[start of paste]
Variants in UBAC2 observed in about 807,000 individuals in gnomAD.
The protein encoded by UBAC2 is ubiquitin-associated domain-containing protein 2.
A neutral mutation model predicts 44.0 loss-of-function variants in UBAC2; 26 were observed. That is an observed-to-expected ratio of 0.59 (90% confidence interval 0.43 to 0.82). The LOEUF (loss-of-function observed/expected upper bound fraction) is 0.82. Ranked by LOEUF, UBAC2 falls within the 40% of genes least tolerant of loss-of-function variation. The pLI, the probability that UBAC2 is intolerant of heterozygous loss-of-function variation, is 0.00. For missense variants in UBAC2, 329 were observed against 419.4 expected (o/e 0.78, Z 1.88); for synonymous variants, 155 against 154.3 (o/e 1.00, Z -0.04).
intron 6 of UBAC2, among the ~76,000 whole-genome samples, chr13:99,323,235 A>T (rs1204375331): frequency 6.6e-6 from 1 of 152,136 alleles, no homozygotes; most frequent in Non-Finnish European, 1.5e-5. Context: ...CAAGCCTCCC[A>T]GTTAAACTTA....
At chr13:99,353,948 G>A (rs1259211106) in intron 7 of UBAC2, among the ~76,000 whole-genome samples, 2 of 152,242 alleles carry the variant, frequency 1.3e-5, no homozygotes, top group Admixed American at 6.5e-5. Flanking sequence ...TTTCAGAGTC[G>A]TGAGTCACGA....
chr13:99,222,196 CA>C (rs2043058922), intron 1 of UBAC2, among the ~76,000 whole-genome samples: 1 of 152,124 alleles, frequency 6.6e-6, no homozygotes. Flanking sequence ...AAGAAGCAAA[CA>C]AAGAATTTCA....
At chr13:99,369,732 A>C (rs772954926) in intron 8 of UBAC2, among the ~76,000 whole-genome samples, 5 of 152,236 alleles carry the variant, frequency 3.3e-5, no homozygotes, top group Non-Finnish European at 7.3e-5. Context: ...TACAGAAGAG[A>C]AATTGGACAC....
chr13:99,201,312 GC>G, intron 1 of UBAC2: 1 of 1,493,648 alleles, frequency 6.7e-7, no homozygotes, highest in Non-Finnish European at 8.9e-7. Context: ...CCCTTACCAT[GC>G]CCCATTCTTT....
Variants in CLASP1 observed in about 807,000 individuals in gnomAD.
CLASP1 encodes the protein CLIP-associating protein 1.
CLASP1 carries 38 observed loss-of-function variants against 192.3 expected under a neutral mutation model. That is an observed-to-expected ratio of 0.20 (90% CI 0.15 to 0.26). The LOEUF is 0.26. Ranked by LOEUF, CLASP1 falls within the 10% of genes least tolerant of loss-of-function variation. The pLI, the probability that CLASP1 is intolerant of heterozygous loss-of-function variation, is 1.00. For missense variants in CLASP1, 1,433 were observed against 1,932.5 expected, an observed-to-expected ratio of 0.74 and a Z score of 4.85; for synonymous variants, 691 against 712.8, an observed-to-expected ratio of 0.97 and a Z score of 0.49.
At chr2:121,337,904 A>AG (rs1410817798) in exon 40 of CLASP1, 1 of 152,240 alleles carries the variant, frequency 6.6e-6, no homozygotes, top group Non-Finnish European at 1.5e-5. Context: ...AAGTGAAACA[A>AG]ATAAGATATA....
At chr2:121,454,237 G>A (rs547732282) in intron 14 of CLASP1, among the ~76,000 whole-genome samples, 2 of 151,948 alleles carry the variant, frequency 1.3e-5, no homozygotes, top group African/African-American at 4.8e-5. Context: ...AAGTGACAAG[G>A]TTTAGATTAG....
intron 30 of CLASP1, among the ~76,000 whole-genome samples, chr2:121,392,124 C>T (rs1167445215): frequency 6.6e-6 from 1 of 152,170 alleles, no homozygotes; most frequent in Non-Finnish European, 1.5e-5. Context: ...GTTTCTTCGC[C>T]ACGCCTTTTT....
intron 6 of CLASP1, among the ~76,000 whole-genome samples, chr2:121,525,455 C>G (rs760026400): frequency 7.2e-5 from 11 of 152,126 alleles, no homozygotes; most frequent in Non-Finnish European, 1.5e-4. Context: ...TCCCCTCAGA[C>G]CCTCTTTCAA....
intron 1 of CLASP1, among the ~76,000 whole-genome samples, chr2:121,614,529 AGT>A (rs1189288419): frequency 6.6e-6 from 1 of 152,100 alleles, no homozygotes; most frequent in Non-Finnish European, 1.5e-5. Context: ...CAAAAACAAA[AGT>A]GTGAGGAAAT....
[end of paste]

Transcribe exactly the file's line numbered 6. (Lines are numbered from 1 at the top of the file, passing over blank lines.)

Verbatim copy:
chr13:99,222,196 CA>C (rs2043058922), intron 1 of UBAC2, among the ~76,000 whole-genome samples: 1 of 152,124 alleles, frequency 6.6e-6, no homozygotes. Flanking sequence ...AAGAAGCAAA[CA>C]AAGAATTTCA....